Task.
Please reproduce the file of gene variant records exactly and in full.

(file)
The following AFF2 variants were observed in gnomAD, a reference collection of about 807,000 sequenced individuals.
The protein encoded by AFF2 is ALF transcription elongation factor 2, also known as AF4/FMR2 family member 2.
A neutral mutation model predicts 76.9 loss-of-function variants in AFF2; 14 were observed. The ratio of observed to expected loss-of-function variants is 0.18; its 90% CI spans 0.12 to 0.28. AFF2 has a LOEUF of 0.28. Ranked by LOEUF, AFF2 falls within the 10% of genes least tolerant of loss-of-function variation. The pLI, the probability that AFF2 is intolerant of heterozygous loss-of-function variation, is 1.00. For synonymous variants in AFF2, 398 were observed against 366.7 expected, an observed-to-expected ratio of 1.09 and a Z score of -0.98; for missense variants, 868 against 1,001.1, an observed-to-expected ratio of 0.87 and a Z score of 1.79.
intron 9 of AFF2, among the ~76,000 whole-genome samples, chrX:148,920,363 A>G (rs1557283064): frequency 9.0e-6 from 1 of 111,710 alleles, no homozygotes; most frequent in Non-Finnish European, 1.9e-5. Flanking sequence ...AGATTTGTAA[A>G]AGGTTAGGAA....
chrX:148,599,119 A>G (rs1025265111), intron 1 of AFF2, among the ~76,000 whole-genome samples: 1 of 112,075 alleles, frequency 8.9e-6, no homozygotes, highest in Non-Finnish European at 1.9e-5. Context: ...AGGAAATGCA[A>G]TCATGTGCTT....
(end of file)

The following AFF2 variants were observed in gnomAD, a reference collection of about 807,000 sequenced individuals.
The protein encoded by AFF2 is ALF transcription elongation factor 2, also known as AF4/FMR2 family member 2.
A neutral mutation model predicts 76.9 loss-of-function variants in AFF2; 14 were observed. The ratio of observed to expected loss-of-function variants is 0.18; its 90% CI spans 0.12 to 0.28. AFF2 has a LOEUF of 0.28. Ranked by LOEUF, AFF2 falls within the 10% of genes least tolerant of loss-of-function variation. The pLI, the probability that AFF2 is intolerant of heterozygous loss-of-function variation, is 1.00. For synonymous variants in AFF2, 398 were observed against 366.7 expected, an observed-to-expected ratio of 1.09 and a Z score of -0.98; for missense variants, 868 against 1,001.1, an observed-to-expected ratio of 0.87 and a Z score of 1.79.
intron 9 of AFF2, among the ~76,000 whole-genome samples, chrX:148,920,363 A>G (rs1557283064): frequency 9.0e-6 from 1 of 111,710 alleles, no homozygotes; most frequent in Non-Finnish European, 1.9e-5. Flanking sequence ...AGATTTGTAA[A>G]AGGTTAGGAA....
chrX:148,599,119 A>G (rs1025265111), intron 1 of AFF2, among the ~76,000 whole-genome samples: 1 of 112,075 alleles, frequency 8.9e-6, no homozygotes, highest in Non-Finnish European at 1.9e-5. Context: ...AGGAAATGCA[A>G]TCATGTGCTT....